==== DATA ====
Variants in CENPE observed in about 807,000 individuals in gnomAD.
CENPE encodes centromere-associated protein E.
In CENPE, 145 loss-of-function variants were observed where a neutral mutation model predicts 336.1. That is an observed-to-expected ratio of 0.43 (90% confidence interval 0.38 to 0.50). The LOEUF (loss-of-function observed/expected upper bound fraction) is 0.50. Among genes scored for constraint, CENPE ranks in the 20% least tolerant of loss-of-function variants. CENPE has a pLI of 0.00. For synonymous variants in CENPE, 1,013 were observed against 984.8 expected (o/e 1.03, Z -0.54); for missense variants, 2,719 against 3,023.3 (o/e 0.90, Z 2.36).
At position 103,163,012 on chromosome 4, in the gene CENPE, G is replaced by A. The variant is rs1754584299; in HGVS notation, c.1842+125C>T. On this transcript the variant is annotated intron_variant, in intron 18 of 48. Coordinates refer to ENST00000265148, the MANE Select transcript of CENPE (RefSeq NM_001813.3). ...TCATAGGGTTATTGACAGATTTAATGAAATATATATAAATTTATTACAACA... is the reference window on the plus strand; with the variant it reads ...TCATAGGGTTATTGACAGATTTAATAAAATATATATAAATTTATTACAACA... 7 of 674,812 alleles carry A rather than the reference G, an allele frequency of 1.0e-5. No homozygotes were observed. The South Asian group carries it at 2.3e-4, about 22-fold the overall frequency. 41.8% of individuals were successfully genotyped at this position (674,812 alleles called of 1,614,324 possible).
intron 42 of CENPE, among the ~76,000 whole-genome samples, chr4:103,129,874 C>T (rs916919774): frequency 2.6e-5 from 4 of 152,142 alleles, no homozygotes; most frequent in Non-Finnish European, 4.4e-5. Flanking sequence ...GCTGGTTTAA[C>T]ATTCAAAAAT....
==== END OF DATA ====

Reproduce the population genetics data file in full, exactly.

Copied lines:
Variants in CENPE observed in about 807,000 individuals in gnomAD.
CENPE encodes centromere-associated protein E.
In CENPE, 145 loss-of-function variants were observed where a neutral mutation model predicts 336.1. That is an observed-to-expected ratio of 0.43 (90% confidence interval 0.38 to 0.50). The LOEUF (loss-of-function observed/expected upper bound fraction) is 0.50. Among genes scored for constraint, CENPE ranks in the 20% least tolerant of loss-of-function variants. CENPE has a pLI of 0.00. For synonymous variants in CENPE, 1,013 were observed against 984.8 expected (o/e 1.03, Z -0.54); for missense variants, 2,719 against 3,023.3 (o/e 0.90, Z 2.36).
At position 103,163,012 on chromosome 4, in the gene CENPE, G is replaced by A. The variant is rs1754584299; in HGVS notation, c.1842+125C>T. On this transcript the variant is annotated intron_variant, in intron 18 of 48. Coordinates refer to ENST00000265148, the MANE Select transcript of CENPE (RefSeq NM_001813.3). ...TCATAGGGTTATTGACAGATTTAATGAAATATATATAAATTTATTACAACA... is the reference window on the plus strand; with the variant it reads ...TCATAGGGTTATTGACAGATTTAATAAAATATATATAAATTTATTACAACA... 7 of 674,812 alleles carry A rather than the reference G, an allele frequency of 1.0e-5. No homozygotes were observed. The South Asian group carries it at 2.3e-4, about 22-fold the overall frequency. 41.8% of individuals were successfully genotyped at this position (674,812 alleles called of 1,614,324 possible).
intron 42 of CENPE, among the ~76,000 whole-genome samples, chr4:103,129,874 C>T (rs916919774): frequency 2.6e-5 from 4 of 152,142 alleles, no homozygotes; most frequent in Non-Finnish European, 4.4e-5. Flanking sequence ...GCTGGTTTAA[C>T]ATTCAAAAAT....